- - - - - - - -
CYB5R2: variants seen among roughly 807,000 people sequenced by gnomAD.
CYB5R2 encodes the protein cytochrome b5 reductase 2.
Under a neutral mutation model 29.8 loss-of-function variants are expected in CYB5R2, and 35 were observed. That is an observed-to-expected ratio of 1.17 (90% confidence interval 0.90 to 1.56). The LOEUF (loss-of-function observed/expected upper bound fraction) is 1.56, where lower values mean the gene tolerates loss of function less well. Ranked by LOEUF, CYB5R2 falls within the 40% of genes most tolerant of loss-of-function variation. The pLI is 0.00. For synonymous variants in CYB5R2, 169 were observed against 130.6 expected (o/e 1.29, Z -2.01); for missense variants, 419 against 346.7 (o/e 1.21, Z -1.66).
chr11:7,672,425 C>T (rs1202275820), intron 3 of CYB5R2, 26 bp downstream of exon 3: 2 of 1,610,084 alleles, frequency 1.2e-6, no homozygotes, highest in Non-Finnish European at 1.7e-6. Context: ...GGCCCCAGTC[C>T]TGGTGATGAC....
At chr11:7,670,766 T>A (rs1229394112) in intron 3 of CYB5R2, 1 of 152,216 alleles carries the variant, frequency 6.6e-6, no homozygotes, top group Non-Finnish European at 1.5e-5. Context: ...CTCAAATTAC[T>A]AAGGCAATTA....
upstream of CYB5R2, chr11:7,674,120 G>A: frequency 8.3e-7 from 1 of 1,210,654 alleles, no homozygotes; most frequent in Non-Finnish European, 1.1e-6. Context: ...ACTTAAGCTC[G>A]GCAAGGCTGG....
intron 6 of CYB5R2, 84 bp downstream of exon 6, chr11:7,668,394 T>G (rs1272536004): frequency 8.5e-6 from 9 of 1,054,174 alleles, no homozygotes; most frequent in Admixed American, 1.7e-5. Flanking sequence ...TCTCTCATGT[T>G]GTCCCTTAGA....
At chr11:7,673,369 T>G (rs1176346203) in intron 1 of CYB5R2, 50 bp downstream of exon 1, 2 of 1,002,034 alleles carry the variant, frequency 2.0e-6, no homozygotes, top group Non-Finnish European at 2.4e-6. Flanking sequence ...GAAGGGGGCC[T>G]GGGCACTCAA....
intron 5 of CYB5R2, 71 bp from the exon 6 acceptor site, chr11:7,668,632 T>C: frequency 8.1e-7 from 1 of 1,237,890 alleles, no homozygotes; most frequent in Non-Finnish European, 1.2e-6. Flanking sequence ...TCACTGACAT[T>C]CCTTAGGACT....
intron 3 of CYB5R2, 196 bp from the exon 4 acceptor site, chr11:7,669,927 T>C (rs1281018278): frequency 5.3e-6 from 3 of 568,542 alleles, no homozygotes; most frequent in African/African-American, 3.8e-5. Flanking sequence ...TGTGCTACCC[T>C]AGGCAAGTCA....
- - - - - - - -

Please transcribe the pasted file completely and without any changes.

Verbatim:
CYB5R2: variants seen among roughly 807,000 people sequenced by gnomAD.
CYB5R2 encodes the protein cytochrome b5 reductase 2.
Under a neutral mutation model 29.8 loss-of-function variants are expected in CYB5R2, and 35 were observed. That is an observed-to-expected ratio of 1.17 (90% confidence interval 0.90 to 1.56). The LOEUF (loss-of-function observed/expected upper bound fraction) is 1.56, where lower values mean the gene tolerates loss of function less well. Ranked by LOEUF, CYB5R2 falls within the 40% of genes most tolerant of loss-of-function variation. The pLI is 0.00. For synonymous variants in CYB5R2, 169 were observed against 130.6 expected (o/e 1.29, Z -2.01); for missense variants, 419 against 346.7 (o/e 1.21, Z -1.66).
chr11:7,672,425 C>T (rs1202275820), intron 3 of CYB5R2, 26 bp downstream of exon 3: 2 of 1,610,084 alleles, frequency 1.2e-6, no homozygotes, highest in Non-Finnish European at 1.7e-6. Context: ...GGCCCCAGTC[C>T]TGGTGATGAC....
At chr11:7,670,766 T>A (rs1229394112) in intron 3 of CYB5R2, 1 of 152,216 alleles carries the variant, frequency 6.6e-6, no homozygotes, top group Non-Finnish European at 1.5e-5. Context: ...CTCAAATTAC[T>A]AAGGCAATTA....
upstream of CYB5R2, chr11:7,674,120 G>A: frequency 8.3e-7 from 1 of 1,210,654 alleles, no homozygotes; most frequent in Non-Finnish European, 1.1e-6. Context: ...ACTTAAGCTC[G>A]GCAAGGCTGG....
intron 6 of CYB5R2, 84 bp downstream of exon 6, chr11:7,668,394 T>G (rs1272536004): frequency 8.5e-6 from 9 of 1,054,174 alleles, no homozygotes; most frequent in Admixed American, 1.7e-5. Flanking sequence ...TCTCTCATGT[T>G]GTCCCTTAGA....
At chr11:7,673,369 T>G (rs1176346203) in intron 1 of CYB5R2, 50 bp downstream of exon 1, 2 of 1,002,034 alleles carry the variant, frequency 2.0e-6, no homozygotes, top group Non-Finnish European at 2.4e-6. Flanking sequence ...GAAGGGGGCC[T>G]GGGCACTCAA....
intron 5 of CYB5R2, 71 bp from the exon 6 acceptor site, chr11:7,668,632 T>C: frequency 8.1e-7 from 1 of 1,237,890 alleles, no homozygotes; most frequent in Non-Finnish European, 1.2e-6. Flanking sequence ...TCACTGACAT[T>C]CCTTAGGACT....
intron 3 of CYB5R2, 196 bp from the exon 4 acceptor site, chr11:7,669,927 T>C (rs1281018278): frequency 5.3e-6 from 3 of 568,542 alleles, no homozygotes; most frequent in African/African-American, 3.8e-5. Flanking sequence ...TGTGCTACCC[T>C]AGGCAAGTCA....